LnL Tactics Part II: Of Problems and Dilemmas

A little while back, I wrote an article about my own Lock ‘n Load tactics and how they had changed over time, especially in terms of how to use specific kinds of units for attack and maneuver.  Today, I’d like to broaden out into the conceptual and just talk about the way I try to approach each game in order to get the most tactical bang for my buck.

Generally speaking, I try to set up and use my forces in a way that creates dilemmas for my opponent.  When I use the word “dilemma”, I’m referring to a situation that presents the opponent with lose-lose choices.  Note that this is much different that the word “problem”, which refers to a bad situation that can be resolved with a definite solution.  Good players are good at creating problems but great players are able to create dilemmas.  For more information about how these two terms are used and thought of by military planners, check out pages 1-22  and 1-23 of US Army Field Manual 3-21.8 right here.

In game terms, you can create dilemmas in a number of ways.  One of them is to setup your units in a way that forces your opponent to make tough decisions.  I’ll use Heroes of the Gap’s scenario “Air Assault” as an example:

In this scenario, the Americans get a handful of guys at the start of the game that can be plunked down anywhere in the city buildings of Eisenbach.  The Soviets come in on turn 1 with overwhelming force (6 Spetsnaz squads and two army squads with a Hind, four Mi-8 Hips and Soviet air support to boot) in an attempt to take and hold three key buildings for the win.  On turn 4, the American player gets reinforcements in the form of several squads, an M-113 and an M-1 tank.

The big issue here is that the American units at setup are vastly outmatched.  They even need to make a morale check to fire or move on the first turn.  So how can the American player make the best of this very bad situation?

Well, he could simply put his forces in an objective hex and hope that the dice roll his way.  But this would be giving his opponent a problem rather than a dilemma.  The problem being:  “There are bad guys in the objective hex.” and the obvious solution being:  “Kill the guys in the objective hex.  Take the objective.”

Defender setup 1:  Defensive units in objective hexes presents enemy with a problem.

As the defender in this scenario, it’s probably much better instead to place your units as far away as possible from the objectives.  This gives your opponent a dilemma.  He can either 1.) go for the objectives and leave your guys untouched or 2.) he can try to take out your units before getting to the objectives.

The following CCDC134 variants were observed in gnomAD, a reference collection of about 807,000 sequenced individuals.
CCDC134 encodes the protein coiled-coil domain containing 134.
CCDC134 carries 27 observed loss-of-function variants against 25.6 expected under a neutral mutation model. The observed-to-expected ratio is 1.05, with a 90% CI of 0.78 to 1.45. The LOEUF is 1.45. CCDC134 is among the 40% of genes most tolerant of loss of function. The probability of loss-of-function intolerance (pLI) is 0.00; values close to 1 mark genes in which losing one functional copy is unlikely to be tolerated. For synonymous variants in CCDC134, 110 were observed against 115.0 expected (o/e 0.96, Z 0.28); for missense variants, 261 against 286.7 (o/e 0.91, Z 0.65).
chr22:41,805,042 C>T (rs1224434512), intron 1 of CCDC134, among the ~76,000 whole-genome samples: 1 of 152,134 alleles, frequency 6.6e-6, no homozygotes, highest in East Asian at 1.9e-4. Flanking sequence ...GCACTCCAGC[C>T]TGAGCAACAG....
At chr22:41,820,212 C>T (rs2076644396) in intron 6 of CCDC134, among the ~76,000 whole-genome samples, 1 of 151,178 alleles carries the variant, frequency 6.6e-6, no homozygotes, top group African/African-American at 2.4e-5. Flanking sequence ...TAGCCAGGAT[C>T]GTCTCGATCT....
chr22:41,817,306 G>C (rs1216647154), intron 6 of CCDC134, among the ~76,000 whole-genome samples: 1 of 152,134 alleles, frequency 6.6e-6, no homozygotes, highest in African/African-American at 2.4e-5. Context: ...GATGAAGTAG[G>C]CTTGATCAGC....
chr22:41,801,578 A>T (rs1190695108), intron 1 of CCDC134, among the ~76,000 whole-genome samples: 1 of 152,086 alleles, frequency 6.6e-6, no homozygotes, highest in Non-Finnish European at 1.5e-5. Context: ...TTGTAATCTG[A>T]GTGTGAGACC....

Defender setup 2:  Defensive setup outside of objective hexes presents enemy with dilemma.

If your opponent takes the first option, this leaves his units open to immediate counterattack from your units in the subsequent turns.  The second option will require him to spend his time and resources away from the objective and leaves part of his forces out of position when your reinforcements arrive on turn 4.  Neither of these is good for your opponent so it’s a perfect example of creating a dilemma rather than a problem.

This is just one example of “dilemma” thinking that can help improve a beginner’s game.

You can also create dilemmas for your opponents by using combined arms.  Effective use of artillery, for example, can be particularly effective at giving your opponent tough choices – especially when combined with infantry or vehicles.  Artillery can be used to try and funnel your opponent into kill zones.

In the example above, the Soviet defender has called in artillery on AC7, presenting a dilemma for the American attacker.  If he moves his infantry into the adjacent buildings for cover, he will get hit.  If he moves out into the open ground beyond, he will get hit.  If he sits and does nothing, he will probably get hit or, at the very least, waste the turn.  There is absolutely no good choice here for him and one could argue that this might actually be a more effective use of artillery than simply calling it down into AE7 where the US units may or may not survive their defensive rolls.  Often the threat of getting hit by artillery is a more effective tool than actually hitting the enemy directly with it because of its ability to create dilemmas for your opponent.

Good luck and remember:  always think of ways to create dilemmas instead of just problems!


  1. Nice. Air Assault requires the US to create complex choices for the Soviets or they are doomed. They are likely doomed any way, but you might as well make a fight of it!
    Creating kill zones is an excellent reminder that we need to use all our tools to create these zones, even if they are temporary.
    Another aspect to consider is presenting elements (units, VP hexes, etc) that appear to be easy choices that are in fact traps. I also like to create temporary blockages with Melee.

  2. Thanks! I agree that melee can be a honeytrap as much as it can be a game changer. I notice that when the melee marker is on the board, my attention naturally focuses on it and that a lot of my choices are based around winning a melee that might actually not be that important to the overall outcome of the game. A good opponent can really exploit that loss of focus to make some big gains.

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